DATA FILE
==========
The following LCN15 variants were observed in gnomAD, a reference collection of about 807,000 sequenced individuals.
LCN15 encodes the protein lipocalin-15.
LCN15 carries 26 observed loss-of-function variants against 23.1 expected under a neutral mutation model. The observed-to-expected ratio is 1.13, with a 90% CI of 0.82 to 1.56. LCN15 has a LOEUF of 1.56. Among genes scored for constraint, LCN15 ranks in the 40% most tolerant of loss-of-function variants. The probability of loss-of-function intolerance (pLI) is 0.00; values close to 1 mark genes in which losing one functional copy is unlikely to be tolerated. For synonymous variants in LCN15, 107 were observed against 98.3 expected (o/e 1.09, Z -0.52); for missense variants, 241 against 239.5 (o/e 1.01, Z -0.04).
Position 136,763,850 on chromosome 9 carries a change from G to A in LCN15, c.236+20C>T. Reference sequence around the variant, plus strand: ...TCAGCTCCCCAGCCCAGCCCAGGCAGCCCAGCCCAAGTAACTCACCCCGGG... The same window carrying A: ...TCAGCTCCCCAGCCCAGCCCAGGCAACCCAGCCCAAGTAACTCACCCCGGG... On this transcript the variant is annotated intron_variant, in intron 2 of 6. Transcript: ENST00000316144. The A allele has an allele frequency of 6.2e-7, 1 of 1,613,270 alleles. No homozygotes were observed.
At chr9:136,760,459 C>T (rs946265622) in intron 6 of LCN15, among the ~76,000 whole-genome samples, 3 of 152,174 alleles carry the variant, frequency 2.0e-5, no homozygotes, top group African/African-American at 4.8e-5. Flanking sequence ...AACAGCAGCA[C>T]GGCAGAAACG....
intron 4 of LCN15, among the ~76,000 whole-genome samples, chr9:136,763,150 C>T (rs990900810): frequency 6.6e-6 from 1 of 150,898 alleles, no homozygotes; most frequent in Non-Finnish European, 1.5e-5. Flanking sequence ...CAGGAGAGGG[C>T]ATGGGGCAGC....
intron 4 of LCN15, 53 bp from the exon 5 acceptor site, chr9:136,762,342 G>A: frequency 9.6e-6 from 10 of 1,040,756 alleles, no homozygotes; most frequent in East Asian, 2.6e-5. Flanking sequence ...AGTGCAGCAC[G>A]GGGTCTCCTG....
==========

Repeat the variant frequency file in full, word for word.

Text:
The following LCN15 variants were observed in gnomAD, a reference collection of about 807,000 sequenced individuals.
LCN15 encodes the protein lipocalin-15.
LCN15 carries 26 observed loss-of-function variants against 23.1 expected under a neutral mutation model. The observed-to-expected ratio is 1.13, with a 90% CI of 0.82 to 1.56. LCN15 has a LOEUF of 1.56. Among genes scored for constraint, LCN15 ranks in the 40% most tolerant of loss-of-function variants. The probability of loss-of-function intolerance (pLI) is 0.00; values close to 1 mark genes in which losing one functional copy is unlikely to be tolerated. For synonymous variants in LCN15, 107 were observed against 98.3 expected (o/e 1.09, Z -0.52); for missense variants, 241 against 239.5 (o/e 1.01, Z -0.04).
Position 136,763,850 on chromosome 9 carries a change from G to A in LCN15, c.236+20C>T. Reference sequence around the variant, plus strand: ...TCAGCTCCCCAGCCCAGCCCAGGCAGCCCAGCCCAAGTAACTCACCCCGGG... The same window carrying A: ...TCAGCTCCCCAGCCCAGCCCAGGCAACCCAGCCCAAGTAACTCACCCCGGG... On this transcript the variant is annotated intron_variant, in intron 2 of 6. Transcript: ENST00000316144. The A allele has an allele frequency of 6.2e-7, 1 of 1,613,270 alleles. No homozygotes were observed.
At chr9:136,760,459 C>T (rs946265622) in intron 6 of LCN15, among the ~76,000 whole-genome samples, 3 of 152,174 alleles carry the variant, frequency 2.0e-5, no homozygotes, top group African/African-American at 4.8e-5. Flanking sequence ...AACAGCAGCA[C>T]GGCAGAAACG....
intron 4 of LCN15, among the ~76,000 whole-genome samples, chr9:136,763,150 C>T (rs990900810): frequency 6.6e-6 from 1 of 150,898 alleles, no homozygotes; most frequent in Non-Finnish European, 1.5e-5. Flanking sequence ...CAGGAGAGGG[C>T]ATGGGGCAGC....
intron 4 of LCN15, 53 bp from the exon 5 acceptor site, chr9:136,762,342 G>A: frequency 9.6e-6 from 10 of 1,040,756 alleles, no homozygotes; most frequent in East Asian, 2.6e-5. Flanking sequence ...AGTGCAGCAC[G>A]GGGTCTCCTG....